[[File:0969.jpg|thumb|left|Fig. 2, [[Thomas Jefferson]], Plan of the grounds at [[Monticello]], 1806.]]
[[File:0018.jpg|thumb|Fig. 3, [[Pierre Pharoux]], Plan of Esperanza, NY [detail], n.d. A “Public Grove” is situated on either side of the “[[Common]] Ground.”]]
The appellations “open” and “closed,” however, were not common in American discourse, despite [[Noah Webster|Noah Webster's]] inclusion of such distinctions in his definition. Although these adjectives were not employed to a significant degree, groves fitting these characteristics can be identified. [[Thomas Jefferson]], in his 1807 account of [[Monticello]], described his intention to trim the lower limbs of the trees in his grove, composed of a mixture of hardwoods and evergreens, “so as to give the appearance of open ground,” suggesting an “open” grove [Fig. 2]. [[Eliza Lucas Pinckney]], in 1742, evoked the sense of a “closed” grove when she delineated her collection of trees and flowers. Likewise, in 1776 George Washington suggested a similar type of grove for [[Mount Vernon]], which he described as an arrangement of flowering trees and evergreens underplanted with flowering [[shrub]]s.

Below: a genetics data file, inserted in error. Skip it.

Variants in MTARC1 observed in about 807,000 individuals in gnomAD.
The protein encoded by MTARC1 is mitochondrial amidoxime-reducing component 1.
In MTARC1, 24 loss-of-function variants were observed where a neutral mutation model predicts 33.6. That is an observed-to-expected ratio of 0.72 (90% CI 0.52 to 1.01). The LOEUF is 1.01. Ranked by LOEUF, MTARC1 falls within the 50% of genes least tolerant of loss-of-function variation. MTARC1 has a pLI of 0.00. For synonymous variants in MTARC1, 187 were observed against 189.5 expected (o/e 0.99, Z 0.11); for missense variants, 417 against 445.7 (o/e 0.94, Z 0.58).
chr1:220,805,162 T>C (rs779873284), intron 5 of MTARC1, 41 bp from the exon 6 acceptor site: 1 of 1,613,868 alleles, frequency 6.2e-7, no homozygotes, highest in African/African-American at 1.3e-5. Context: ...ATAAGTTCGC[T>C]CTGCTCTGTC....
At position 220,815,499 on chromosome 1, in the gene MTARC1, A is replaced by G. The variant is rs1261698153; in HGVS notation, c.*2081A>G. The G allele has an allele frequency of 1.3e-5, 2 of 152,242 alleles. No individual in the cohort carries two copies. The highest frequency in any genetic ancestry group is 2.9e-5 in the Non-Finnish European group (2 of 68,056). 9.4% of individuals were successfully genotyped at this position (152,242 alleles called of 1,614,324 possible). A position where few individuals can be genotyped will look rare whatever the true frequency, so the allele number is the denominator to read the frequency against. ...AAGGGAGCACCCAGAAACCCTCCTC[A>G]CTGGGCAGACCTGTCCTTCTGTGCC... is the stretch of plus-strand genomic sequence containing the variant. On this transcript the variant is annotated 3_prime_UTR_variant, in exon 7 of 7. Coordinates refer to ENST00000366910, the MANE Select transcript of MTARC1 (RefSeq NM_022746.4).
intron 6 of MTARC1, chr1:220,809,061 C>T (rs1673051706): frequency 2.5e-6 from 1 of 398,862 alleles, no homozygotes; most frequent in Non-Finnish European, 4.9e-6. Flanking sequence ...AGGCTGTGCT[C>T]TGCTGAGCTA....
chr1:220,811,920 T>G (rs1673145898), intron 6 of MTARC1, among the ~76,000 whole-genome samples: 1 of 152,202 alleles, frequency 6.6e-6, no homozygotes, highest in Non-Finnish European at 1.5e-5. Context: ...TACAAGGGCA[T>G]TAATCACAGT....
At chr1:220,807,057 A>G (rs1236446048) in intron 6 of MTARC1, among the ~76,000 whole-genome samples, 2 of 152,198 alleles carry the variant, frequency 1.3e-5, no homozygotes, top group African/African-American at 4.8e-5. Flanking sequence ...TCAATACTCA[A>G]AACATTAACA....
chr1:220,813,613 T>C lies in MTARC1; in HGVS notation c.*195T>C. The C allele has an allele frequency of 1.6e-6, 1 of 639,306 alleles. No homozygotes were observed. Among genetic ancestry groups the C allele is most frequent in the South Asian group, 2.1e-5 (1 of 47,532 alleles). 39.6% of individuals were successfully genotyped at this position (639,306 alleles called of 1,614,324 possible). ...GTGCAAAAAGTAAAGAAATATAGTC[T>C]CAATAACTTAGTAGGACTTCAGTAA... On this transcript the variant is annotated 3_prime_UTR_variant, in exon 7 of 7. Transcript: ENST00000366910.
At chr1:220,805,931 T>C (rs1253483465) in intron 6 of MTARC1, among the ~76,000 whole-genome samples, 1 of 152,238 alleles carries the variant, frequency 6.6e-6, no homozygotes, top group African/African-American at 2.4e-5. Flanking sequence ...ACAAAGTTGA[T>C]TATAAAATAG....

File:0018.jpg|[[Pierre Pharoux]], Plan of Esperanza, NY [detail], n.d. A “Public '''Grove'''” is situated on either side of the “[[Common]] Ground.”
File:1425.jpg| Michael van der Gucht, “The general Plan of a Garden drawn upon Paper” and “The same Plan of Garden mark'd out upon ye Ground,” in A.-J. Dézallier d’Argenville, ''The Theory and Practice of Gardening'' (1712), 124.
Changes - History of Early American Landscape Design